The only time not having a tail might be an issue for your crestie is if you are selling it as a pet. 

While rare morphs might still fetch a high price, many reptile owners prefer a completely intact gecko.

While not having a tail does not affect the lizard’s health, you may have difficulty finding the crestie a new home.

How Do You Deal With Tail Injuries In Crested Geckos?

If you are housing crested geckos together, there is a chance for them to get tail nips, especially among more aggressive juveniles.

Most of these tail nips, caused by bites from other geckos or accidentally getting caught in a closing tank lid, will heal independently. 

There is a chance of some tail tips becoming necrotic where the tissue dies. 

These tail tips will eventually fall off, and the tail will permanently be shorter than before. 

Other times, the tail will heal, but there will be a noticeable kink where it was injured.

These injuries may even be confused for tail rot, and owners will apply treatments, which are often unnecessary. 

The best thing to do is keep the tail tip moist and free of any stuck shed until it heals.

Injured tails may have issues with shedding skin sticking to the wound or the scar tissue, and you may have to assist your crestie in removing these pieces of skin. 

If the skin is not removed, it may constrict blood flow to the tail, leading to serious problems like tail rot.

What Is Floppy Tail Syndrome?

Floppy Tail Syndrome, or FTS, occurs when a gecko sleeps upside down and its tail hangs over the back or to the side. 

This is very common because many geckos prefer to sleep on the side of their enclosures with their head pointed downward.

While there is some debate about whether or not FTS is strictly a cosmetic concern or a health issue, many reptile owners believe genetic or dietary factors cause it. 

In very severe cases, the hips and pelvis will become twisted. 

This is especially a problem for egg-laying females, as it may cause egg binding. 

Since female crested geckos will often lay eggs without mating, this is also an issue for females who are not being bred.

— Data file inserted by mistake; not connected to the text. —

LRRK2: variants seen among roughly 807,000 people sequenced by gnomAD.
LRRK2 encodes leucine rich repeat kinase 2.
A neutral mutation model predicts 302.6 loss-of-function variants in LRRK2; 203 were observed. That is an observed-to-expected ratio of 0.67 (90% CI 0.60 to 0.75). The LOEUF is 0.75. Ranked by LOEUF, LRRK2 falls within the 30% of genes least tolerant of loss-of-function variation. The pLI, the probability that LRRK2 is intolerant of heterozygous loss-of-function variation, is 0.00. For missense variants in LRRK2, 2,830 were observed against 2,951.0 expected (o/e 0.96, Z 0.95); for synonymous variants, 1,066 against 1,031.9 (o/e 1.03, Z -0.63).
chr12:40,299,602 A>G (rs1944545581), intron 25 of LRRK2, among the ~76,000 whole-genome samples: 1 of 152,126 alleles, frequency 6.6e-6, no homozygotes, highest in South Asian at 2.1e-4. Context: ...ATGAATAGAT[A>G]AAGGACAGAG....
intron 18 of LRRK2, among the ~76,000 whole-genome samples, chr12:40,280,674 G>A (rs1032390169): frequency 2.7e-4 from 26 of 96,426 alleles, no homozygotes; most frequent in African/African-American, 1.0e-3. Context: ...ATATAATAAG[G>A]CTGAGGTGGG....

Floppy Tail Syndrome may be prevented by giving your crestie plenty of hiding places to discourage it from sleeping on the side of the enclosure.

If you notice any symptoms of FTS, you should seek the care of an exotic veterinarian right away to rule out any serious issues with your crestie. 

If the syndrome is very severe, you may need to have your crested gecko’s tail amputated to prevent further complications.

Should I Force My Crested Gecko To Drop Its Tail?

There are a few cases where a tail drop is necessary for the benefit of the crested gecko.

In addition to Floppy Tail Syndrome, a necrotizing tail is another concern which may be improved with a tail drop. 

Bites or other injuries to the tail may cause it to become necrotic or die off. 

This necrosis may then spread to the rest of the body if something is not done in time.

A lot of crested gecko owners believe tail removal is the best solution when it comes to severe cases of FTS with hip deformities as well as tail necrosis.

It is not advisable to induce a tail drop on your crestie without a veterinarian’s care. 

You may end up doing more harm than good if your gecko is surprised and is not ready to drop its tail.

There is quite a difference between cutting the tail, an amputation, and a tail drop, a survival tactic. 

In cases of tail necrosis, amputation should only be done after other healing methods have been attempted. 

Amputation and forced tail dropping are painful procedures for your crestie, and only a veterinarian should perform either of these procedures. 

A reptile vet will be able to use anesthesia and pain medication to make your crested gecko more comfortable.

Tail removal is considered a last resort option for very severe cases, and it is not meant to be used as a preventative measure.